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The Pearl Harbor Attack: Political Importance


Throughout early American history, the country took a relatively neutral stance concerning international military conflicts, occurring in Europe and Asia. Nevertheless, this perspective changed drastically after the surprise Japanese attack on Pearl Harbor on December 7, 1941 (Brody 5). The Japanese operation without a declaration of war shook the whole country, making the United States side with the Allied forces in World War II (Brody 5). Thus, the previously neutral country entered the conflict, forever changing the image and presence of the United States in the international arena. Ultimately, the Pearl Harbor attack was one of the first warning signals for America concerning the magnitude of World War II, causing a substantial social response and making the United States take more decisive action.

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Pearl Harbor Implications

The Pearl Harbor attack was one of the pivotal moments in American history primarily due to its political importance. Compared to many conflicts in World War II, the number of casualties in Pearl Harbor was relatively low – 2,403 people killed, including civilians (Brody 150). On the other hand, Japan had minimum losses of approximately 55 soldiers and 30 units of aircraft (Brody 150). In other words, it was a swift victory of the Japanese forces, allowing the country to stabilize its position and expand its influence in the Pacific (Brody 150). The primary reason for the American defeat, despite the vast superiority in numbers and technological advancement, was the element of surprise. The isolationist politicians actively supported the country’s neutral stance, rejecting any possibility of the Nazi or Japanese attacks (Brody 135). Despite the general knowledge of Japanese aggression in the previous decades and the American embargo, the United States was still hesitant to fortify the defenses in the Pacific (Brody 141). Thus, the loss of Pearl Harbor was an influential military and political defeat that changed the perspective of the country on World War II.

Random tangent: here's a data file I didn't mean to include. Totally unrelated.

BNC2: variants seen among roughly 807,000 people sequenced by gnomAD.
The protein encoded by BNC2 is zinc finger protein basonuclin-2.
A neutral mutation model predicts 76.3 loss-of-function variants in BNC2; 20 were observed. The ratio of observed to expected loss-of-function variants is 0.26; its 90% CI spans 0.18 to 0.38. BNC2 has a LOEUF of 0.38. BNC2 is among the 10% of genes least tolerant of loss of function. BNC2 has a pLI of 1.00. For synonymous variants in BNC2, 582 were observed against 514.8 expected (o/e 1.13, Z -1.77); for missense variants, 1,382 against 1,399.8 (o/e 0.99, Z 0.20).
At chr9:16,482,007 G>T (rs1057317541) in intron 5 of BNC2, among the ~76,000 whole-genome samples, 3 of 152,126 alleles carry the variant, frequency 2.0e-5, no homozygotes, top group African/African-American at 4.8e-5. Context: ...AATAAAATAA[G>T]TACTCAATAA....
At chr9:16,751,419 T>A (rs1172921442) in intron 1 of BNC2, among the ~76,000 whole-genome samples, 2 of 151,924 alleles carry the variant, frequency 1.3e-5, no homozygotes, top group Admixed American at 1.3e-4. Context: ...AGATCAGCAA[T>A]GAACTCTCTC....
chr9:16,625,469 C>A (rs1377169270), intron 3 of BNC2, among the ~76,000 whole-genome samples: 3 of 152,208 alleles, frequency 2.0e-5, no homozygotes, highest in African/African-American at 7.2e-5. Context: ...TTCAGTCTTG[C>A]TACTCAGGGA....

Day of Infamy and Social Response

The attack on Pearl Harbor had immense implications on the political status of America; however, the social response was arguably the most notable consequence. On December 8, 1941 – the day after the attack – Franklin D. Roosevelt declared war against Japan and rallied the American people in his famous speech “Day of Infamy” (Jamero 110). The president addressed the unacceptable Japanese aggression and promised that the day of attack would always “live in infamy” (Brody 149). The speech caused a vast social resonance, leading to a national mobilization, assertive anti-Japanese movements, and commemoration of Pearl Harbor’s casualties (Jamero 110). Thus, the attack on Pearl Harbor, which seemingly gave Japan a military advantage, ultimately led America to join the Allied forces and become one of the core reasons for the Nazi defeat.